3. All documents identifying the computer software program presently used by the deponent to manage patient billing records.

4. All documents identifying the computer software program presently used by the deponent to manage patient payment records.

5. All documents identifying the computer software program presently used by the deponent to manage patient treatment plans.

6. All documents that memorialize the purchase of any computer software program currently used by the deponent.

7. All documents identifying the computer software program in use by the deponent on May 19, 2016 to manage patient treatment records.

8. All documents identifying the computer software program in use by the deponent on May 19, 2016 to manage patient billing records.

9. All documents identifying the computer software program in use by the deponent on May 19, 2016 to manage patient payment records.

10. All documents identifying the computer software program in use by the deponent on May 19, 2016 to manage patient treatment plans.

11. All documents that memorialize the purchase of any computer software program used by the deponent as of May 19, 2016.

12. All documents relating to any communications between the deponent and plaintiff’s counsel from May 19, 2016 through December 22, 2017.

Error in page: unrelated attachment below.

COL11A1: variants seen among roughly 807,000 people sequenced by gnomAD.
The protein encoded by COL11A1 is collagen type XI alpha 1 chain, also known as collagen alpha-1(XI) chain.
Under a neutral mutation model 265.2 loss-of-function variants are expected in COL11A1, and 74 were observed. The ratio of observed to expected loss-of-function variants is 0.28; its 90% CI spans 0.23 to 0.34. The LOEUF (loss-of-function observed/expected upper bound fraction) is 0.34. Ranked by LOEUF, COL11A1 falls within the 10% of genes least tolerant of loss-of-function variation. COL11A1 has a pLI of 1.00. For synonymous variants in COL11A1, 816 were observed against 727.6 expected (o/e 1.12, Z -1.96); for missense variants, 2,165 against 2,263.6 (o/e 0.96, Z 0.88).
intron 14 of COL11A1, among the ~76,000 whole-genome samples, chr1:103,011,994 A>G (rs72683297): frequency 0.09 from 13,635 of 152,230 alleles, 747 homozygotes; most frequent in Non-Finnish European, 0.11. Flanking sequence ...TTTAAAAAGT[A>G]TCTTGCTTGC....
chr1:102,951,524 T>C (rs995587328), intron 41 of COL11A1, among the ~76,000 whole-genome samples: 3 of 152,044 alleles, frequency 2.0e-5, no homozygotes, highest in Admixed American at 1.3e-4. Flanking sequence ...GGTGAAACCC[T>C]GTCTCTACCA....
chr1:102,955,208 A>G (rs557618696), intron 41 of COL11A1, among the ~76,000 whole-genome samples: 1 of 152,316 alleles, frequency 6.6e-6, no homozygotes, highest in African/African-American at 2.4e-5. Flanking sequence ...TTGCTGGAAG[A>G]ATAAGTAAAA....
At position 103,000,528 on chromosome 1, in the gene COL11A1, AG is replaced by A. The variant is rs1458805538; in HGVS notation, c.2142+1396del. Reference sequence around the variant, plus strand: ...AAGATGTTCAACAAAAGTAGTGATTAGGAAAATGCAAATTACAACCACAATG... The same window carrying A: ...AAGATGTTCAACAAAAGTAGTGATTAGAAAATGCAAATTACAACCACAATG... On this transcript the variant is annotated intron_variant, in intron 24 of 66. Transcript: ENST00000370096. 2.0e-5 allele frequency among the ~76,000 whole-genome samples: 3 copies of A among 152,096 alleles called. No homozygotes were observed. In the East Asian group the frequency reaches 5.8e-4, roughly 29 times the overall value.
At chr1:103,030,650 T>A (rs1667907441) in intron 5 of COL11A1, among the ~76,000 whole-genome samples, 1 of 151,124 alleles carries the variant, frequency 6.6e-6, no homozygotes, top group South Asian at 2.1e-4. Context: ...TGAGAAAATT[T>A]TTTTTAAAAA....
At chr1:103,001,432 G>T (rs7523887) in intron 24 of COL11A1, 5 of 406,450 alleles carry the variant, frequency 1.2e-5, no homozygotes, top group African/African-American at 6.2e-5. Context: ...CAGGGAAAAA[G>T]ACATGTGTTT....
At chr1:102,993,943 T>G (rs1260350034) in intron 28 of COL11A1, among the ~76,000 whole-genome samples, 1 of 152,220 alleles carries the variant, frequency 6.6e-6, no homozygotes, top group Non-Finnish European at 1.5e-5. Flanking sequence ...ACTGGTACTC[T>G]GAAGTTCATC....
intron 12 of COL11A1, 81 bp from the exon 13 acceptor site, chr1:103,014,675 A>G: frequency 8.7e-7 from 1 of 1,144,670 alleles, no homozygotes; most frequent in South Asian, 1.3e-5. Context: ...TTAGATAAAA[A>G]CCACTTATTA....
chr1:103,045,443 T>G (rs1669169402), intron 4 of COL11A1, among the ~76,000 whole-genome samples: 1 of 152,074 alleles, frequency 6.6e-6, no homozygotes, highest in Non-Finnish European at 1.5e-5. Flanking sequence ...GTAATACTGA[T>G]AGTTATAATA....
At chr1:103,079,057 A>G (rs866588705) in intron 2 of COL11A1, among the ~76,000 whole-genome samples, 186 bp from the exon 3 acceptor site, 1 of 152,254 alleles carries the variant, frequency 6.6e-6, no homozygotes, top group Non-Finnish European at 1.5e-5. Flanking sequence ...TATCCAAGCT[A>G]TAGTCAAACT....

13. All documents relating to any communications between anyone in the deponent’s office (other than plaintiff) and plaintiff’s counsel from May 19, 2016 through December 22, 2017.

(Defendants’ Ex Parte Application, Thomas Dec., ¶10, Ex. B, Deposition Subpoena for Personal Appearance and Production of Documents.)

Dr. Crawford objected to the deposition subpoena as overly burdensome, claiming that it would require “thousands of hours” to compile the information sought. (Thomas Dec., ¶6, Ex. F-1.) However, defendants argue that information relating to Dr. Crawford’s software program is essential to determining whether the prices he charged plaintiff for her ceramic crowns (procedure code D2740) were the same as for other patients during the same time period. (Thomas Dec., ¶7, Ex. E, Billing Statement, dated 3/29/17.) The court agrees that the requested information is relevant and discoverable and will order Dr. Crawford to produce the categories of materials, as re-written above, at his resumed deposition, to be held within ten days, or on a date agreed to by the parties. Plaintiff’s dental chart is clearly relevant to her claim for damages. Also, defendants are entitled to information regarding Dr. Crawford’s software program so that their experts can determine whether the procedure codes and costs appearing on plaintiff’s billing statement are consistent with the program. Finally, any communications between Dr. Crawford’s office (other than communications to and from plaintiff) and plaintiff’s counsel are not privileged and are discoverable.